The National Course at ChampionsGate Golf Club is a study in contrast
ORLANDO, Fla. - The consensus, it seems, is that the National Course at ChampionsGate Golf Club is the easier of the two Greg Norman-designed layouts at the Omni Orlando Resort. I'm not so sure of that.
Sure, it's a little shorter, and maybe there are more opportunities to score. But it's also target golf, which means if you start spraying it, you're in trouble. And just the like the International Course at ChampionsGate - which is perhaps the more heralded of the two - if the wind is up, it's one tough test.
The best part about the National Course, however, is that it's completely different than the International Course.
ChampionsGate's National Course: More of a domestic feel
The International Course was designed to reflect a windswept links style, perhaps like the British Open courses or, more accurately, Royal Melbourne Golf Club from Norman's homeland Down Under. While both courses at ChampionsGate are unmistakably Florida, they couldn't be more opposite.
With more than 160 bunkers, and many of them pot bunkers at that, the 7,300-yard International has plenty of hazards. You can throw in the wetlands as well to see how difficult the course can play, especially with several very long par 4s that often play into the wind.
The National Course was built more in the style of North America courses. If you find the fairway bunkers on the National, you've got a chance to hit greens. And if you find the fairways, it's pretty straightforward.
What makes it interesting are the varied lengths of the holes. The par-4 fifth is just 323 yards from the big boy tees, 311 from the blues, which means if the wind is right, long hitters can take a shot at the green, or at the very least, put a drive in position for a chip and a putt.
The trouble is that there is trouble everywhere – wetlands that you have to carry and that run down the entire left side of this dogleg left; large bunkers on the right with ball-gobbling trees right of the bunkers. It's classic risk-reward. If you're playing a stroke-play tournament, you'd probably hit the hybrid or long iron off the tee; in a scramble, get one in play and go for it.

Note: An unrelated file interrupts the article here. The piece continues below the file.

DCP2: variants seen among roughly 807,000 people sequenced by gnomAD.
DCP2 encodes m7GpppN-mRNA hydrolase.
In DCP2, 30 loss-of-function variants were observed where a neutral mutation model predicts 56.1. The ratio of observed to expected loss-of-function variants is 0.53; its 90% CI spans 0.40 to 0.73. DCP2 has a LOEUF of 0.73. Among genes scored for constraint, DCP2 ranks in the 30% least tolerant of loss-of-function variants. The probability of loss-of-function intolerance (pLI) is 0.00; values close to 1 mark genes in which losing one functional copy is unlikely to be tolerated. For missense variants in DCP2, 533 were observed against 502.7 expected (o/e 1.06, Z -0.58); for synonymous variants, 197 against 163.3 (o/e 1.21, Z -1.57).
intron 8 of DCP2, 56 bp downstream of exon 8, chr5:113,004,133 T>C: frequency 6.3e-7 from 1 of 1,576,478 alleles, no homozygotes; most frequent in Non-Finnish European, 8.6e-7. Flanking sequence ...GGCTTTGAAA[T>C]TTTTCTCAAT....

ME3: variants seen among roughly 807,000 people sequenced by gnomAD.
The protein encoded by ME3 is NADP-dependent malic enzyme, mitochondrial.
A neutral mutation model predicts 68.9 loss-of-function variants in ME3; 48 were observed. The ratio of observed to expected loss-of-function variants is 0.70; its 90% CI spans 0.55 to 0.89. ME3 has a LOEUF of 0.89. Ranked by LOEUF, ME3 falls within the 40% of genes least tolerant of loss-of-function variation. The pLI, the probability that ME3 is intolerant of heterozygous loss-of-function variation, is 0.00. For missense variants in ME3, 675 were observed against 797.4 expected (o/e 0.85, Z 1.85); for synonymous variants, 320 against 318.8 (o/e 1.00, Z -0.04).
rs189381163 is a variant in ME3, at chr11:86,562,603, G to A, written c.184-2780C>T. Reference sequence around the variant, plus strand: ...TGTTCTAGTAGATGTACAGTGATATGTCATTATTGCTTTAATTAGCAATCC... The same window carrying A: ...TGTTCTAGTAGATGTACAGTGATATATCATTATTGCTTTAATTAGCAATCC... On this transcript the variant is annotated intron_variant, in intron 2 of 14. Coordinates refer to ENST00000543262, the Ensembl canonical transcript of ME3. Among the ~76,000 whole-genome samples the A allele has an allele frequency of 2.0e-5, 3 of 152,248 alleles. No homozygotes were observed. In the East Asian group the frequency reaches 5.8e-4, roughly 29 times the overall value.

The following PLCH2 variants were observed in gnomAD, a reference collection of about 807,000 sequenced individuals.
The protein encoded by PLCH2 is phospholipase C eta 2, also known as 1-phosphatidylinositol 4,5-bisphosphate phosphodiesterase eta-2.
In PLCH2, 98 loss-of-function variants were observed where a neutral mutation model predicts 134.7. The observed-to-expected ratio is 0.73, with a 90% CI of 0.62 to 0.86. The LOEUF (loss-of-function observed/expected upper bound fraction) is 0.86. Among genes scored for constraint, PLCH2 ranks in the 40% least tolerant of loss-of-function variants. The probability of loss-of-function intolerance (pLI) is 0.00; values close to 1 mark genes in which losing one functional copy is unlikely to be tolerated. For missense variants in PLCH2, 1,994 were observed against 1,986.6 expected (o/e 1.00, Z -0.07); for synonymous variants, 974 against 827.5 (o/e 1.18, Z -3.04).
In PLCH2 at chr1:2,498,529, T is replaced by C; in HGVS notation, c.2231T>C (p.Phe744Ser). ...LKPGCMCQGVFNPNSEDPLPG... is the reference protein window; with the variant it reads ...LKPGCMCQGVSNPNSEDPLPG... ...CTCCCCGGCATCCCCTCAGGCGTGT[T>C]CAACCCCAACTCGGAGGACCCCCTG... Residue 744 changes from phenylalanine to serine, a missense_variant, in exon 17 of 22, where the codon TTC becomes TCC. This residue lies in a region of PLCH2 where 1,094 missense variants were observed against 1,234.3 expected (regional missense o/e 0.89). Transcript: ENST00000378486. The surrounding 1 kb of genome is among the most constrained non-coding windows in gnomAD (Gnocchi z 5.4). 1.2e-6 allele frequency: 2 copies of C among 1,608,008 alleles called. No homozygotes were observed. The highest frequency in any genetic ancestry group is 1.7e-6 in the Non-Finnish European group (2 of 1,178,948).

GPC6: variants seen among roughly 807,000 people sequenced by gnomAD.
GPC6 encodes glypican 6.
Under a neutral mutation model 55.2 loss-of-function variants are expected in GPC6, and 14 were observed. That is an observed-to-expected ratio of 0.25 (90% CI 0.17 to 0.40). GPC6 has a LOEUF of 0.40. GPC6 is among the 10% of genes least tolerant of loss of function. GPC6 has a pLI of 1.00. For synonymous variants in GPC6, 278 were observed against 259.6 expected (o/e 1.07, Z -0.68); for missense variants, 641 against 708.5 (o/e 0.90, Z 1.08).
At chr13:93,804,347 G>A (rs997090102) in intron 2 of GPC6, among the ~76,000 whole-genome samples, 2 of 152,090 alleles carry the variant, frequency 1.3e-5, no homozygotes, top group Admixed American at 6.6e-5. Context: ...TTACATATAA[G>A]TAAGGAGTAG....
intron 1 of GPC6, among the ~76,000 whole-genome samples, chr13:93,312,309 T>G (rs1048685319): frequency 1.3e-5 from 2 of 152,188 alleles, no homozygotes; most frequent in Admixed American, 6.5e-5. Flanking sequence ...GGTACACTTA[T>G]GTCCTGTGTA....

The fifth isn't the only short par 4 that tantalizes. The 16th is just 315 from the back and 255 from the blues, which means many players don't have to hit driver to make the green. But with a kidney-shaped green wrapped around a troublesome tree and bad news long or left, you need to be in full control of your golf swing before going for the green.
The 16th really kicks off one of the better finishing stretches in the Orlando area. While 16 is short, 17 is anything but. This difficult dogleg-left par 5 measures 636 yards from the back tees and follows a lake all the way to the green. Hitting three good shots is challenging enough, much less trying to go for it in two.
Then there's the 18th, a 451-yard dogleg around a lake. Bunkers and water right of the green make the long approach plenty difficult – a real test to finish the round.
ChampionsGate Golf Club's National Course: The verdict
Together, the National and International are a nice 1-2 punch, although they can certainly be a little pricey.
Still, if you're visiting Orlando, playing them in a combination would be a good strategy because they are very different experiences.
Which one you will like better probably depends on your mood and your type of game. If you're a bomber, you might like the International better. It has wider fairways and length is definitely rewarded. But if you're a tactician, the National rewards course management.
Both are always in terrific shape, and both share excellent practice facilities. If you're staying at the Omni Orlando Resort hotel, you'll probably want to take the short shuttle ride to the course, where there's an expansive driving range, chipping green, putting green and practice bunkers.
However, if you're looking to get a lesson, the world headquarters for the David Leadbetter Golf Academy is right next door. Practice facilities at the Leadbetter Academy are as good as it gets – covered grass range, indoor bays, large outdoor putting and chipping greens, and practice bunkers. Call in advance to book a session.
Stay and play at ChampionsGate
The ultimate golf experience at ChampionsGate would be to stay at the Omni Orlando Resort there. Located just minutes from Walt Disney World in the master-planned community of ChampionsGate, the resort offers everything and then some.
The hotel has some 730 rooms, 70,000 square feet of meeting space, a 10,000-square-foot European spa, fitness center and 15 acres of pools, including hot tubs and an 850-foot "lazy river."
It also has five restaurants, including one called Zen, which provides one of the better pan-Asian dining experiences you'll find anywhere.
February 8, 2010